|'Wasted Youth' folded book, Warren|
This is the second part of our interview for The Homeless Library with Warren at The Wellspring, a British Army ex-soldier with experience of homelessness. We are currently posting blogs as an ongoing notebook of the source material that will feature in the handmade books of The Homeless Library. As with all these interviews, the opinions contained in it are those of the interviewee alone, and are transcribed here as told to us, having been read back to the interviewee and approved by them.
Here, Warren reflects on the clash between military and civilian mindsets - and his (military-minded) way of dealing with homelessness.
|Warren self portrait: "You don't grieve, you do remember."|
It's a loss of belonging. You belong to a greater organisation, you're not an individual - but you are.
There's still a lot of that in me I believe. If I come up against something I don't like I think military. Which is basically saying, use lateral thinking, every possible angle and work out the best solution at the time. I've got more options than a civilian - go back to blowing the bridge up. When your mum dies, you break down, internally but not externally. To the outside world you're still the same. I wouldn't have been able to think in order to get people to work for me on the street if I was still grieving about my mother. I wouldn't have been any use to myself or anyone else had I not checked and suppressed what was going on. That's where the military thinking comes in, you step over it, move on.
There's something about military families that civilians don't understand. You might not see the other family members for two or three years, might be in different parts of the world. It's a different kind of love, tough love. If you're on a battlefield and your friend gets shot you don't have time to sit down and cry about it you've got to get up and move. You don't grieve, you do remember.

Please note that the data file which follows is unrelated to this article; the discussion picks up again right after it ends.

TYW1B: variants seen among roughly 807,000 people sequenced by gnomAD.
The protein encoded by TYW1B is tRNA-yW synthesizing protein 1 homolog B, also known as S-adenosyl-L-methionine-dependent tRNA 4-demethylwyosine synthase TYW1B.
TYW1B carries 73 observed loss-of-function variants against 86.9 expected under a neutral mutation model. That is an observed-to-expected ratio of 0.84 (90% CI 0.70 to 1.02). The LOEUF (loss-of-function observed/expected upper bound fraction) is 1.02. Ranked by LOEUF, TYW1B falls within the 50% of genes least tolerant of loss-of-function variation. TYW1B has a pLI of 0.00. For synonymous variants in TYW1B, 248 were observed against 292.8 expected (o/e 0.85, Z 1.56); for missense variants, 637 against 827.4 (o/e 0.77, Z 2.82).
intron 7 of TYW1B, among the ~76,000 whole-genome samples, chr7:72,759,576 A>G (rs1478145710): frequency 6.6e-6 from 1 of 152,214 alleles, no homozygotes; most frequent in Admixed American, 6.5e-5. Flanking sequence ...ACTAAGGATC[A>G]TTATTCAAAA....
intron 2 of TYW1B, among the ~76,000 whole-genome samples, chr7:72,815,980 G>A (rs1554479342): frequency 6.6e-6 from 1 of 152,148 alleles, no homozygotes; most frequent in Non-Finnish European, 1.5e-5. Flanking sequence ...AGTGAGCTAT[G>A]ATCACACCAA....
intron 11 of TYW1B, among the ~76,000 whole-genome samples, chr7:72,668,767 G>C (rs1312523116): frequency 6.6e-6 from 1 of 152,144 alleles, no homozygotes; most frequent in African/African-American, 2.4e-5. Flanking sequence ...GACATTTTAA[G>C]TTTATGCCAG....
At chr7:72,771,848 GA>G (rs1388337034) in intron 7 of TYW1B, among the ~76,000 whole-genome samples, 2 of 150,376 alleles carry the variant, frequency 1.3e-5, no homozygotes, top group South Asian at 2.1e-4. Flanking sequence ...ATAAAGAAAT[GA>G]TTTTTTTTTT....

You settle at a level of what you are willing to do and not willing to do. They're putting drones over to kill people now, you've got a guy playing on his Playstation essentially. They're talking about battlefield robots. How many more ways can we find to destroy ourselves?
The Homeless Union was my way of fighting back, it occupied my mind when I was homeless. It made me feel useful and I think that's the key to it, feeling useful. A lot of the people who worked with me said the same thing: at least you've made us feel useful again. I was selling an idea of hope. If you give someone hope, you're giving the greatest gift in the world. Just don't fail them.
The Homeless Union. Failure wasn't an option. I stayed on the street because if I didn't I wouldn't have been one of them. The street, it's an intense relationship with people. The brotherhood, or sisterhood. It was a subculture, a brotherhood. It was international, we had Russians in our ranks, Jewish people, Spanish, all sorts of people. A common problem for us all.
The Homeless Library is a project devised by arthur+martha to document the heritage of homelessness using interviews, artworks, poetry. It is supported by the Heritage Lottery Fund.